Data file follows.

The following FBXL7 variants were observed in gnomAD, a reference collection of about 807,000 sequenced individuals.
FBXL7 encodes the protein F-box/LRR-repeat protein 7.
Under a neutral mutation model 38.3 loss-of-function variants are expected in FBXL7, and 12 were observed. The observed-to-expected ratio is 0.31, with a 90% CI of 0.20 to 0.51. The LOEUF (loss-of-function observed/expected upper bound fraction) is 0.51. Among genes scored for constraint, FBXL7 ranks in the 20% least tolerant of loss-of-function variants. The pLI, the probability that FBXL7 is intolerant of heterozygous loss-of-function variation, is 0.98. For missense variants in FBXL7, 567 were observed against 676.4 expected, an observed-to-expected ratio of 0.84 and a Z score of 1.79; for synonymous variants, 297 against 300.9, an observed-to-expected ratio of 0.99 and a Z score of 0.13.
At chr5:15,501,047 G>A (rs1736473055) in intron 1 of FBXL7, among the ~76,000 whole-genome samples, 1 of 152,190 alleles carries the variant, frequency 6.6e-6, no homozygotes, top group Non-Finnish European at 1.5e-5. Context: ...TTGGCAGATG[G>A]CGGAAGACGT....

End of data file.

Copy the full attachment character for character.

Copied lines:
The following FBXL7 variants were observed in gnomAD, a reference collection of about 807,000 sequenced individuals.
FBXL7 encodes the protein F-box/LRR-repeat protein 7.
Under a neutral mutation model 38.3 loss-of-function variants are expected in FBXL7, and 12 were observed. The observed-to-expected ratio is 0.31, with a 90% CI of 0.20 to 0.51. The LOEUF (loss-of-function observed/expected upper bound fraction) is 0.51. Among genes scored for constraint, FBXL7 ranks in the 20% least tolerant of loss-of-function variants. The pLI, the probability that FBXL7 is intolerant of heterozygous loss-of-function variation, is 0.98. For missense variants in FBXL7, 567 were observed against 676.4 expected, an observed-to-expected ratio of 0.84 and a Z score of 1.79; for synonymous variants, 297 against 300.9, an observed-to-expected ratio of 0.99 and a Z score of 0.13.
At chr5:15,501,047 G>A (rs1736473055) in intron 1 of FBXL7, among the ~76,000 whole-genome samples, 1 of 152,190 alleles carries the variant, frequency 6.6e-6, no homozygotes, top group Non-Finnish European at 1.5e-5. Context: ...TTGGCAGATG[G>A]CGGAAGACGT....